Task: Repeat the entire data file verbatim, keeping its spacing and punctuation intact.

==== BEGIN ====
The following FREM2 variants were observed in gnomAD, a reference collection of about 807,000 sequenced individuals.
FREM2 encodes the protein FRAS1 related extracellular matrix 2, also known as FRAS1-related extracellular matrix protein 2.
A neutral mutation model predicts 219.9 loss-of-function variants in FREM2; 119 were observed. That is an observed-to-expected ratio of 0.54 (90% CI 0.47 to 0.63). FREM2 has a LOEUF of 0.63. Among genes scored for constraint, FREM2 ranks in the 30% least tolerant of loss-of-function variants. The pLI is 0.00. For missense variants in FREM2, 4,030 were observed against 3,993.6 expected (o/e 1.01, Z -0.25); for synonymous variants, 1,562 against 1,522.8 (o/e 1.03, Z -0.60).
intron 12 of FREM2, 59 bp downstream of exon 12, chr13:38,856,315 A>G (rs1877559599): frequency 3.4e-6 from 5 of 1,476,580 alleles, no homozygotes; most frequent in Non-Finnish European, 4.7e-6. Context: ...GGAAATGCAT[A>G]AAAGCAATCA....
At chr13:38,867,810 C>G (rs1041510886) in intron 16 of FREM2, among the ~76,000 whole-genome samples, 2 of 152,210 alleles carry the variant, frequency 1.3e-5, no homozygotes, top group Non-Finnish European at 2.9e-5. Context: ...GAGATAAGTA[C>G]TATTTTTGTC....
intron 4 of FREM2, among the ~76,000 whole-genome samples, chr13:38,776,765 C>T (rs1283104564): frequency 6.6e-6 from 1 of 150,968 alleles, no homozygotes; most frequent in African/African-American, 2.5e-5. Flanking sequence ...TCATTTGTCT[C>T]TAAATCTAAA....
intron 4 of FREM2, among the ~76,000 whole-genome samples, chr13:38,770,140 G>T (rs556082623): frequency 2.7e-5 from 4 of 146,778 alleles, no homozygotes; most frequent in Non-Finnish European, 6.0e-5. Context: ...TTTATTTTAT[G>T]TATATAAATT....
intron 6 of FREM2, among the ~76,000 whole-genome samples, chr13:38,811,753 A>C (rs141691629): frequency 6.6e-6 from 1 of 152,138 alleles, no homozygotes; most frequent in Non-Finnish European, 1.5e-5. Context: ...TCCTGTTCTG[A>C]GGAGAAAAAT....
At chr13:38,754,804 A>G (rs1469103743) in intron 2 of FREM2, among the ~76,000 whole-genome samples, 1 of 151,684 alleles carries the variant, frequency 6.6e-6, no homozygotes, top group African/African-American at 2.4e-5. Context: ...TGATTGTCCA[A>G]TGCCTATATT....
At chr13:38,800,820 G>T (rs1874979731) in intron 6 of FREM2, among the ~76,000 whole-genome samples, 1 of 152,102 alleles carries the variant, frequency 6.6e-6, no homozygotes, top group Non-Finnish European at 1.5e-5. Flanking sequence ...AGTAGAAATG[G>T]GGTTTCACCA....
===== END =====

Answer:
The following FREM2 variants were observed in gnomAD, a reference collection of about 807,000 sequenced individuals.
FREM2 encodes the protein FRAS1 related extracellular matrix 2, also known as FRAS1-related extracellular matrix protein 2.
A neutral mutation model predicts 219.9 loss-of-function variants in FREM2; 119 were observed. That is an observed-to-expected ratio of 0.54 (90% CI 0.47 to 0.63). FREM2 has a LOEUF of 0.63. Among genes scored for constraint, FREM2 ranks in the 30% least tolerant of loss-of-function variants. The pLI is 0.00. For missense variants in FREM2, 4,030 were observed against 3,993.6 expected (o/e 1.01, Z -0.25); for synonymous variants, 1,562 against 1,522.8 (o/e 1.03, Z -0.60).
intron 12 of FREM2, 59 bp downstream of exon 12, chr13:38,856,315 A>G (rs1877559599): frequency 3.4e-6 from 5 of 1,476,580 alleles, no homozygotes; most frequent in Non-Finnish European, 4.7e-6. Context: ...GGAAATGCAT[A>G]AAAGCAATCA....
At chr13:38,867,810 C>G (rs1041510886) in intron 16 of FREM2, among the ~76,000 whole-genome samples, 2 of 152,210 alleles carry the variant, frequency 1.3e-5, no homozygotes, top group Non-Finnish European at 2.9e-5. Context: ...GAGATAAGTA[C>G]TATTTTTGTC....
intron 4 of FREM2, among the ~76,000 whole-genome samples, chr13:38,776,765 C>T (rs1283104564): frequency 6.6e-6 from 1 of 150,968 alleles, no homozygotes; most frequent in African/African-American, 2.5e-5. Flanking sequence ...TCATTTGTCT[C>T]TAAATCTAAA....
intron 4 of FREM2, among the ~76,000 whole-genome samples, chr13:38,770,140 G>T (rs556082623): frequency 2.7e-5 from 4 of 146,778 alleles, no homozygotes; most frequent in Non-Finnish European, 6.0e-5. Context: ...TTTATTTTAT[G>T]TATATAAATT....
intron 6 of FREM2, among the ~76,000 whole-genome samples, chr13:38,811,753 A>C (rs141691629): frequency 6.6e-6 from 1 of 152,138 alleles, no homozygotes; most frequent in Non-Finnish European, 1.5e-5. Context: ...TCCTGTTCTG[A>C]GGAGAAAAAT....
At chr13:38,754,804 A>G (rs1469103743) in intron 2 of FREM2, among the ~76,000 whole-genome samples, 1 of 151,684 alleles carries the variant, frequency 6.6e-6, no homozygotes, top group African/African-American at 2.4e-5. Context: ...TGATTGTCCA[A>G]TGCCTATATT....
At chr13:38,800,820 G>T (rs1874979731) in intron 6 of FREM2, among the ~76,000 whole-genome samples, 1 of 152,102 alleles carries the variant, frequency 6.6e-6, no homozygotes, top group Non-Finnish European at 1.5e-5. Flanking sequence ...AGTAGAAATG[G>T]GGTTTCACCA....